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we're working on "two" android apps that are very similar; in fact, they're the same apps with different graphics and color schemes, slightly different configuration and one or two unique activities that are not in the other project - but the functionality is 95% the same.

the plan was to work on one app until it is as complete as possible and then change the images and the other /res(ource) files.

of course it's not that easy; we're still working on the shared code, and patching the same code in different projects (or repositories) is - in my opinion - out of the question.

we're all using git and eclipse.

is there the "definitive guide" about handling such a situation?

my thoughts about it:

three repositories

rep1 for the unique files of application1, rep2 for the unique files of application2, and rep3 for the shared files.

if there is a way to push files in one folder (the project folder) to different repositories ... i mean, cloning rep1 automatically pulls the files from rep1 AND rep3, and pushing automatically pushes files back into to the right rep?

my teammates are suspicious; no one of us knows git very well and we're afraid of spending too much time repairing our dcvs mistakes.

2 repositories

if the first option isn't possible, our plan was to have 2 repositories. rep1 for the complete app1 and rep2 only for the rep2-specific files. a build script would replace the files from app1 with those of app2. imo this is an "accidental overwrite" minefield, and i don't like it. but as long as we don't have a better solution, this is the way to go.

eclipse

maybe there is some kind of eclipse-specific hack that would make this painless?

(edit) branching!?

i don't have any experience with branching. but this be a possible solution?

note: these are android projects; android demands a specific file layout. e.g. the name and structure of the "res" folder is pretty much fixed. this means that there are directories which contain files both app-dependent and shared files. i don't know if git can handle this.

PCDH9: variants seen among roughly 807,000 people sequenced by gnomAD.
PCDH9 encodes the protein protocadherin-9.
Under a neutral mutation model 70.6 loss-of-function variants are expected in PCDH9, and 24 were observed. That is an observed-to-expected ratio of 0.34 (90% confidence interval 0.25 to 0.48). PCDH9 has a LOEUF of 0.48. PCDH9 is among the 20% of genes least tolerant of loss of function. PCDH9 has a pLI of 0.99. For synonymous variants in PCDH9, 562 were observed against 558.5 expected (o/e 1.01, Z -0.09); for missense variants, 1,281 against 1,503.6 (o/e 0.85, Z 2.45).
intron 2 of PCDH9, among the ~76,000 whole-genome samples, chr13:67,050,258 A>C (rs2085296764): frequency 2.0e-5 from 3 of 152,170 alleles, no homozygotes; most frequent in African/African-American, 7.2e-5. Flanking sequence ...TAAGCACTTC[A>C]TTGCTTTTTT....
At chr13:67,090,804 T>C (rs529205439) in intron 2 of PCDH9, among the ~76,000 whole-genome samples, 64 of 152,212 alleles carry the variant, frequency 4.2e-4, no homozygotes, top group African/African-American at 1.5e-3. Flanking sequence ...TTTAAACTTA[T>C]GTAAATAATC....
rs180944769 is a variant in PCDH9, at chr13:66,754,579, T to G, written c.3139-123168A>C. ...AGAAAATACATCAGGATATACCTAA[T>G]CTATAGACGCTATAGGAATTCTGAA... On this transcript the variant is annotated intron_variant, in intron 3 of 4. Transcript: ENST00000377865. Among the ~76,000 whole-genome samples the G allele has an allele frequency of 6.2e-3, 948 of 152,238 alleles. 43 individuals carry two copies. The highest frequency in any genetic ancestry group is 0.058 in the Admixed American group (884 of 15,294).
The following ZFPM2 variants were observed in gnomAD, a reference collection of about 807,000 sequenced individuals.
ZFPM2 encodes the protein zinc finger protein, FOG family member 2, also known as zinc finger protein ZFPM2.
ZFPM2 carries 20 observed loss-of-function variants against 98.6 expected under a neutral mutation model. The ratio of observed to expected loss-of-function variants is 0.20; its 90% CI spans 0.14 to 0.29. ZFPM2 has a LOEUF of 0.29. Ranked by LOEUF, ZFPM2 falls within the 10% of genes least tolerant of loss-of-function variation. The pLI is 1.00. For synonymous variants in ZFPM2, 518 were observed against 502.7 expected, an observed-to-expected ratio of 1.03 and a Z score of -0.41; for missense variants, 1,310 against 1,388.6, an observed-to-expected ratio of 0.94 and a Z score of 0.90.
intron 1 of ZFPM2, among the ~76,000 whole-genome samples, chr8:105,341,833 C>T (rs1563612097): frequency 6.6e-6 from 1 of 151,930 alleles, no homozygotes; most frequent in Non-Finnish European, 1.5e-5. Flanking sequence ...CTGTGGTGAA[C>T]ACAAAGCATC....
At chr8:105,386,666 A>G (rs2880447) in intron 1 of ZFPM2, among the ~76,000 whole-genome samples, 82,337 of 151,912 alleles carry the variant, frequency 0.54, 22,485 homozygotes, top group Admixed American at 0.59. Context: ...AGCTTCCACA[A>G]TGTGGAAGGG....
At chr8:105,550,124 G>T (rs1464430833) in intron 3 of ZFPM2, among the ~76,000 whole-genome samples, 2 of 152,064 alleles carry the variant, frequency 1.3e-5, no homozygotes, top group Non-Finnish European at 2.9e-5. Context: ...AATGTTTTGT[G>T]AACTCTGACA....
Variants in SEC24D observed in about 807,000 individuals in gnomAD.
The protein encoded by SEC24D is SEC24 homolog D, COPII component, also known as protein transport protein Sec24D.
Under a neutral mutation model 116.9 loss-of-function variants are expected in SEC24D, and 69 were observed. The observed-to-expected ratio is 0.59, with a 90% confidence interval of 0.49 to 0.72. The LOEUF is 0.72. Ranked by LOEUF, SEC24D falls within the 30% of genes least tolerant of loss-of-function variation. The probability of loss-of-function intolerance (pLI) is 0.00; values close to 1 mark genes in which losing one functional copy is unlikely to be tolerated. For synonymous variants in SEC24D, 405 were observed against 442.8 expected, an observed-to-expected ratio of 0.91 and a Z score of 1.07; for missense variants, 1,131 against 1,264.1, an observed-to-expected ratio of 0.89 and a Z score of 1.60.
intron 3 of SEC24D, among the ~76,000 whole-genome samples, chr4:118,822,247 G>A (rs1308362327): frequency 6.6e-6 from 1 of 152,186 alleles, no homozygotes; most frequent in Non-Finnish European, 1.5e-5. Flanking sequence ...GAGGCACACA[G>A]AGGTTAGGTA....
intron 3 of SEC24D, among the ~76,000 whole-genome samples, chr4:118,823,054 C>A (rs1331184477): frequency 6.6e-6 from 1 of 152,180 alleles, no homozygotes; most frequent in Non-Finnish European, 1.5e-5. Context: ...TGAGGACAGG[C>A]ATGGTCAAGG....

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Branches (and the 2/3 repositories really means branches—you don't push files, you push branches) are great tool for temporary divergence and great tool for bugfixes to stable releases while working on next one, but they are totally unusable for maintaining long term similar but not equal versions. #ifdef is time proven method for that; too bad Java chose not to support it. –  Jan Hudec Oct 7 '11 at 13:14
    
@JanHudec, #ifdef can be replaced by better less hacky things. The only really compelling reason to have it is for compiler/platform madness, which Java doesn't have. –  Paul Draper Jul 21 at 6:06
    
@PaulDraper: Java doesn't have as much platform differences (Android being a case in the point), but if you have 30 customers and need to ship slightly different version to each, Java changes nothing in the picture and the lack of conditional compilation is now a pain. Note that C# does have conditional compilation for exactly this reason. –  Jan Hudec Jul 21 at 7:37
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@PaulDraper: A lot can be done by having different subclasses for use in the different variants and I am all for it, but in practice there are cases that are difficult to handle that way or the extra inheritance makes things less readable in the end. –  Jan Hudec Jul 21 at 7:40
    
@JanHudec, "in practice...makes things less readable in the end". Agreed. That a pretty good summary of Java ;) –  Paul Draper Jul 21 at 7:43

2 Answers 2

up vote 4 down vote accepted

we solved the problem - it's actually trivial, and we had the answer for months, only we didn't recognize it as such:

  • 2 android projects
  • 1 android project as a library

3 directories, all in the same git rep. so easy.

edit: actually, i've been a bit overenthusiastic with this answer. there are still unsolved problems with resource sharing (libraries taking resources from host projects? afaik not possible). we have devised two workarounds for that problem, but neither one is very satisfying.

late edit:

libraries actually do inherit their parents resources. so, if there is a resource string/foo = "bar" in the library project, and a resource string/foo = "boo" in the client project, then if you use string/foo in the client project the value is boo. this is a working solution, even though i have the feeling that sometimes there could be unintended namespace collisions.

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that's what i had in mind after starting to read your question ;) i would have made three repos, but that's a minor detail. –  oenone Oct 7 '11 at 13:25

There are two approaches you could take: 1> Maintain one code base. The code uses a parameter/config file (like app.confg in .net) to determine which which behaviors/colors/images to use at either run time or during build/compile

2> I've not used GIT, but if it like PVCS or (if you dare!) VSS, you could attach a labels to the configuration items that float with the current version and states which 'build' the item refers to. When it is time to work on application A, get where label = A, for application B, get when label = B. You need to be careful with that approach, particularly if you the applications begin to diverge or branch.

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